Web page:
Not a Lexis Advance subscriber? Try it out for free.

In re Urethane Antitrust Litig.

United States District Court for the District of Kansas

May 15, 2013, Decided; May 15, 2013, Filed

MDL No. 1616; Case No. 04-1616-JWL

Opinion

MEMORANDUM AND ORDER

In this multi-district class action, the claim by plaintiff class that defendant Dow Chemical Company ("Dow") conspired with other manufacturers to fix prices for certain urethane chemical products, in violation of the Sherman Act, 15 U.S.C. § 1, was tried to a jury over a period of four weeks. On February 20, 2013, the jury returned a verdict in plaintiffs' favor. Specifically, the jury found that Dow participated in a price-fixing conspiracy; that the conspiracy caused plaintiff to pay more for chemicals than they would have absent the conspiracy; that such overpayments did not include any overpayments prior to November 24, 2000 (the  [*29] date four years prior to the filing of this suit); and that plaintiffs suffered damages in the amount of $400,049,039.00.

This matter now comes before the Court on Dow's motion to decertify the class (Doc. # 2706) and its post-trial motion for judgment as a matter of law or for a new trial (Doc. # 2808). For the reasons set forth below, the Court denies both motions. The Court also modifies the class certified in this case to exclude purchases in 2004.

I. Motion to Decertify the Class

A. Untimely Motion

On July 28, 2008, the Court issued its order certifying a class in this case. On January 22, 2013—one day before the start of trial—Dow filed a motion to decertify the class. The Court took the motion under advisement and granted leave to the parties to supplement the motion and plaintiffs' opposition in connection with the briefing on Dow's post-trial motion.1

Dow purports to base its motion to decertify on events that have occurred since the Court's  [*30] 2008 certification order. Dow's arguments are based primarily on the opinions of Dr. James McClave, plaintiffs' damages expert, who created a model purporting to show that prices paid during the alleged conspiracy period exceeded those prices that would have been paid absent a price-fixing conspiracy. Dow has had Dr. McClave's expert report, however, since April 2011. All of the issues raised in Dow's original brief in support of its motion to decertify could have been raised at least a year before trial. Dow has not offered any reason why it could not have filed its motion much earlier and why it instead filed its motion literally on the eve of trial. Reconsideration of the Court's certification order at that time or even post trial would cause severe prejudice to plaintiffs, who prepared for a long and complex trial at great expense and who might find it much more difficult to assert individual claims at this time. Accordingly, except with respect to issues based on events occurring at trial or based on the Supreme Court's recent Comcast opinion, the Court denies this motion as untimely. See, e.g., Gortat v. Capala Bros., Inc., 2012 U.S. Dist. LEXIS 47066, 2012 WL 1116495, at *4 (E.D.N.Y. Apr. 3, 2012) (late  [*31] stage of litigation weighs against decertification; granting the eleventh-hour motion to decertify, where facts were known for well over a year, would prejudice class members who have not taken independent steps to protect their rights); In re Sulfuric Acid Antitrust Litig., 847 F. Supp. 2d 1079, 1083 (N.D. Ill. 2011) (reconsideration of four-year-old certification order two months before trial after reassignment of the case to a new judge was inappropriate where issues could have been raised at the time of the original order; rescinding order would cause undue harm to plaintiffs); Easterling v. Connecticut Dept. of Corr., 278 F.R.D. 41, 44 (D. Conn. 2011) ("A court should be wary of revoking a certification order at a late stage in the litigation process.") (citing Woe v. Cuomo, 729 F.2d 96, 107 (2d Cir. 1984)); In re Scrap Metal Antitrust Litig., 2006 U.S. Dist. LEXIS 75873, 2006 WL 2850453, at *20 (N.D. Ohio Sept. 30, 2006) ("request to decertify the Plaintiff Class literally on the eve of trial was inappropriate and untimely").2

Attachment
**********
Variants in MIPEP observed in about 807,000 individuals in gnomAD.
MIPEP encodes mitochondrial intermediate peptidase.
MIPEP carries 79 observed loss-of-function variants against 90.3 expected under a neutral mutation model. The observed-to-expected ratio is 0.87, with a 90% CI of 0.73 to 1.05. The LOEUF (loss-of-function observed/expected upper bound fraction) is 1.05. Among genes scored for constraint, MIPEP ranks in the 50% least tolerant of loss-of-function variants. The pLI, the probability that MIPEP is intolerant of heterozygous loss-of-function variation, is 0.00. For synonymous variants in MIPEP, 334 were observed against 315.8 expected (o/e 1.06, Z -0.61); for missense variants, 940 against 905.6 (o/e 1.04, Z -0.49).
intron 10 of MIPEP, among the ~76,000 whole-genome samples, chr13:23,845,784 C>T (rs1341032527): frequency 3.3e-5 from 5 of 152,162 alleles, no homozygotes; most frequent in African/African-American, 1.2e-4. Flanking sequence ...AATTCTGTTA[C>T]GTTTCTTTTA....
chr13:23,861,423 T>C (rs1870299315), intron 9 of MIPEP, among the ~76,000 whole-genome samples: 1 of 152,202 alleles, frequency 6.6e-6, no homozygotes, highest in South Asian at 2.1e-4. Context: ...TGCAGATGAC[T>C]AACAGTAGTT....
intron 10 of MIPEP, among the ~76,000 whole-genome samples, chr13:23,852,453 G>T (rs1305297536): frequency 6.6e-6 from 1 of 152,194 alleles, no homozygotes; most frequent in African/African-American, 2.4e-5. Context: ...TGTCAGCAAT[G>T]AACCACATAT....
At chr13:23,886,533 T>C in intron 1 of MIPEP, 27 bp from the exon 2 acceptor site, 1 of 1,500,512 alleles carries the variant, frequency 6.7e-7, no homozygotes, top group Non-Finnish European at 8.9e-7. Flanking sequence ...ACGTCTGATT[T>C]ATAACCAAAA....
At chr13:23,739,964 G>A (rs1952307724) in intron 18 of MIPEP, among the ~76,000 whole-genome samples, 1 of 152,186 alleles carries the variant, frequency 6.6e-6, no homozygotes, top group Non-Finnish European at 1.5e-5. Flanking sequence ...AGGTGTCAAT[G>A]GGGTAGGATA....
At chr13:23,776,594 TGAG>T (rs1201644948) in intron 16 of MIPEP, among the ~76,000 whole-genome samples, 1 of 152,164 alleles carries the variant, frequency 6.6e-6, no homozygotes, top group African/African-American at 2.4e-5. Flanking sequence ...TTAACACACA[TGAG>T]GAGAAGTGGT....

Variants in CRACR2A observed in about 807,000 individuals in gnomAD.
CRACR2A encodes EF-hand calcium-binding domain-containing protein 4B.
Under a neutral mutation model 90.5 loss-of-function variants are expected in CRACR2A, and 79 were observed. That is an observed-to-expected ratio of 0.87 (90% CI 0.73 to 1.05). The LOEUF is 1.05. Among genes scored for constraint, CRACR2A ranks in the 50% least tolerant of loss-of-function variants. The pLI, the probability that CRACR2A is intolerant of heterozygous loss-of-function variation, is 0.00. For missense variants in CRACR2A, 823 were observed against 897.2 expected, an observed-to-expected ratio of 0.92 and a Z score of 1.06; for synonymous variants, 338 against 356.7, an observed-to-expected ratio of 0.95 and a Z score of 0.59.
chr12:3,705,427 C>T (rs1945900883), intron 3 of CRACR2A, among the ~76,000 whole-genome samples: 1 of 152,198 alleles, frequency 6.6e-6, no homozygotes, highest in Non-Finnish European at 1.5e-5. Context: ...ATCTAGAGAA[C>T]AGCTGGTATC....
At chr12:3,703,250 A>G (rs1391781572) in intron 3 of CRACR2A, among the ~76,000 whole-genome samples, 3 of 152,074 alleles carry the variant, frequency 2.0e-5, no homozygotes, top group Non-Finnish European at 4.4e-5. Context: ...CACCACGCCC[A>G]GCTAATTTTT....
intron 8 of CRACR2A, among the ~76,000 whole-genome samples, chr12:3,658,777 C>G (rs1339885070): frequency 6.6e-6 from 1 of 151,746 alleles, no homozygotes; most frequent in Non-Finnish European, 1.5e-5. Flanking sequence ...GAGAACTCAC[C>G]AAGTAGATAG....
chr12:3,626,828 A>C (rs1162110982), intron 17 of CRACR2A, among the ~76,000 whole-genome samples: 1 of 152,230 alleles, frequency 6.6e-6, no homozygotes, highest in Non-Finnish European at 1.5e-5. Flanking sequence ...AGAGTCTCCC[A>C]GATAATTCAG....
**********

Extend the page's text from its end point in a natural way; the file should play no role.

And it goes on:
Read The Full CaseNot a Lexis Advance subscriber? Try it out for free.

Full case includes Shepard's, Headnotes, Legal Analytics from Lex Machina, and more.

2013 U.S. Dist. LEXIS 69784 *; 2013-1 Trade Cas. (CCH) P78,386; 2013 WL 2097346

IN RE: URETHANE ANTITRUST LITIGATION. This document relates to: The Polyether Polyol Cases

Subsequent History: Motion granted by Carpenter Co. v. BASF SE (In re Urethane Antitrust Litig.), 2013 U.S. Dist. LEXIS 105433 (D. Kan., July 25, 2013)

Amended by, in part, Motion granted by, in part, Motion denied by, in part, Motion granted by In re Urethane Antitrust Litig., 2013 U.S. Dist. LEXIS 105313 (D. Kan., July 26, 2013)

Prior History: In re Urethane Antitrust Litig., 2013 U.S. Dist. LEXIS 3166 (D. Kan., Jan. 8, 2013)

CORE TERMS

conspiracy, argues, damages, prices, plaintiffs', antitrust, class member, price-fixing, rejects, alleged conspiracy, new trial, matter of law, documents, decertify, decertification, certification, instructing, classwide, products, manufacturers, joint and several liability, immunity agreement, post-November, destruction, references, customers, Chemical, denies, circumstantial evidence, reasonable inference